“Woe is me! I am lost. For I am a man of unclean lips and I live among a people of unclean lips and my eyes have seen the King YHWH Sabaoth. Then one of the seraphs flew to me holding in its hand a live coal which had taken from the altar with a pair of tongs. With this it touched my mouth and said, ‘look, this has touched your lips, your guilt has been removed, and your sin forgiven.’” Isaiah 6: 5-7

The burning wrath was not to destroy the world but to burn away the impurities, and to leave behind only purity. God’s burning wrath on the nations would leave them with “pure lips” able to call on his name.

“in the end I will turn things around for the people. I’ll give them a language undistorted, unpolluted, words to address GOD in worship…” (the Message Bible)

And with their new language for worship the peoples (all the peoples) of the nations will serve him with one accord – shoulder to shoulder – and that particular English idiom almost exactly reflects the Hebrew idiom used – they will serve with “one shoulder”.

After the fire of God’s vengeance falls on the nations they will be left with a pure language – the ability to call on God’s name, to worship him, and to serve him in unity.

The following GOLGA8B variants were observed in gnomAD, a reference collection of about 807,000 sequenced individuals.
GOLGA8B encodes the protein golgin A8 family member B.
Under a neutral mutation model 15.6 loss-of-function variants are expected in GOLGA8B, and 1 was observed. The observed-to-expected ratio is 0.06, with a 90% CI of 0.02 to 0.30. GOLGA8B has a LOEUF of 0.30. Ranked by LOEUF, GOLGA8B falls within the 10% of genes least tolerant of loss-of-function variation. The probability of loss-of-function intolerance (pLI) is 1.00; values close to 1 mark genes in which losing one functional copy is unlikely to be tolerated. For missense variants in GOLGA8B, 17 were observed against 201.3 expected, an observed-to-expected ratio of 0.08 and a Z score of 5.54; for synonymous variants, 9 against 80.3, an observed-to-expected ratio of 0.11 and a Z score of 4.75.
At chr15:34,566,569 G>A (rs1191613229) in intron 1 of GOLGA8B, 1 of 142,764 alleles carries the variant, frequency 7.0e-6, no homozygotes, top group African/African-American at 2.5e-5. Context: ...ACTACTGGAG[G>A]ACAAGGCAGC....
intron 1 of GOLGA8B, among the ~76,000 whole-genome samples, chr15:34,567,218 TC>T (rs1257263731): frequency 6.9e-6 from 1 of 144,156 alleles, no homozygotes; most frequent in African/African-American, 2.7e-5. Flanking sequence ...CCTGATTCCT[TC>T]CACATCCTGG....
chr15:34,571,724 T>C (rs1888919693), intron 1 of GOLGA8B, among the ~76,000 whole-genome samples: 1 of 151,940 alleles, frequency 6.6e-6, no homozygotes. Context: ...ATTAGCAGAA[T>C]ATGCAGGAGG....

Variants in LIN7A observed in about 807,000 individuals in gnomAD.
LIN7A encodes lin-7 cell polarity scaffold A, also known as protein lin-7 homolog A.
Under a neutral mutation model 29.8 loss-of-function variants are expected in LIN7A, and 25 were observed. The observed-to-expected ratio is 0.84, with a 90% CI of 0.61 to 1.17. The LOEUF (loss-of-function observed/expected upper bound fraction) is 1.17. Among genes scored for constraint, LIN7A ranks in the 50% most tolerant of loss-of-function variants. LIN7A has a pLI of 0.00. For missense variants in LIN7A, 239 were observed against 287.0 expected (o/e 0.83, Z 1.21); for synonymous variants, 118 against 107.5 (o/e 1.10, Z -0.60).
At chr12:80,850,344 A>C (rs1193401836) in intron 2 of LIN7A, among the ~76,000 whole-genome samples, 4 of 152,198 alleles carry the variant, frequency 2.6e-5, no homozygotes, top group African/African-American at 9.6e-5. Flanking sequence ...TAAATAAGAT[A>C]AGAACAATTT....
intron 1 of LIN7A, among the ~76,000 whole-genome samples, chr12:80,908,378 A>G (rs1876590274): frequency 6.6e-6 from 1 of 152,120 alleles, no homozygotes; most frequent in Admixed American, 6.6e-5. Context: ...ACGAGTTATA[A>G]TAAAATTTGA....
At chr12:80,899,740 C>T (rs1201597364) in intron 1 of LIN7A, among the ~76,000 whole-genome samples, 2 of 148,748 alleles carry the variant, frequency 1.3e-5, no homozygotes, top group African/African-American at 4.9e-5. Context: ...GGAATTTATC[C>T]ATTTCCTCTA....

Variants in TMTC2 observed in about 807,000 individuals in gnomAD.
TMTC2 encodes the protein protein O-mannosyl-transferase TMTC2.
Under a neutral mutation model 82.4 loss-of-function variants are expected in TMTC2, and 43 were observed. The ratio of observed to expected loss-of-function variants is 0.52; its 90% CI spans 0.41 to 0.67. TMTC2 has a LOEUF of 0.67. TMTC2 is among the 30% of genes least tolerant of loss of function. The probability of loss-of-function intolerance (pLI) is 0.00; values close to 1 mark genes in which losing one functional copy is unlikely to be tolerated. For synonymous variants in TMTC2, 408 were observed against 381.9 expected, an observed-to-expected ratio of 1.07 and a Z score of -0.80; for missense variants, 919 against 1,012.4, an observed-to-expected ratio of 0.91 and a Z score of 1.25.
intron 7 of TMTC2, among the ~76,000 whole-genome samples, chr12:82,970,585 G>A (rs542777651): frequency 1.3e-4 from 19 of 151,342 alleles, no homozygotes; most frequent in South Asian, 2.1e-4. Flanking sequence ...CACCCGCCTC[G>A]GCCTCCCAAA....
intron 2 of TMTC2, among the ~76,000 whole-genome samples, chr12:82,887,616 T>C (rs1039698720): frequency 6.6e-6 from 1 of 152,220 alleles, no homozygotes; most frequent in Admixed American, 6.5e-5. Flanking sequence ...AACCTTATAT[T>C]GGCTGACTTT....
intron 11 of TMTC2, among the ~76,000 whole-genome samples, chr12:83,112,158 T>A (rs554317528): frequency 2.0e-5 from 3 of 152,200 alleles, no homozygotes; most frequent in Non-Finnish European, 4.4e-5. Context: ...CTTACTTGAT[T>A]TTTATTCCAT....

God’s burning wrath would result in the conversion of the nations. The burning and destruction wasn’t to be the end of the world (despite the universal destruction language – not to be understood literally) It was the end of an age… and the threshold to a new age.  The future, Zephaniah, said wasn't going to be a remake of the old segregated order with enmity between the peoples. God’s chosen people would include all peoples and all nations. It would no longer be Jews on the inside and Gentile dogs on the outside - all would be welcomed.

With it’s foundations on the holy mountains
YHWH loves his holy city
he prefers the gates of Zionto any dwelling place in Jacob.
He speaks glory for you, city of God.
‘I number Rahab and Babylonamong those who acknowledge me;
look at Tyre, Phillistia, Ethiopia,
so and so was born there.’
YHWH in his register of peoples
will note against each, ‘Born there’,
princes no less than native-born;
all make their home in you.
(Psalm 87)
In God’s kingdom there are no national boundaries, there are no boarder disputes. All are included as natural born – and are thought of as princes and princesses no less than the natives.  I can easily imagine Zephaniah ben Cushi pointing to himself as an example of this coming conversion of nations. "Look at me. I am not African born. I am Zion born. We are all Zion-born."

Zephaniah continues:

Shout for joy, daughter Zion
Israel, shout aloud!
Rejoice, exult with all your heart,
daughter Jerusalem!
YHWH has repealed your sentence;
he has turned your enemies away.
YHWH is King among you, Israel,
you have nothing more to fear,
do not let your hands fall limp.
YHWH your God is there with you,
the warrior-Savior.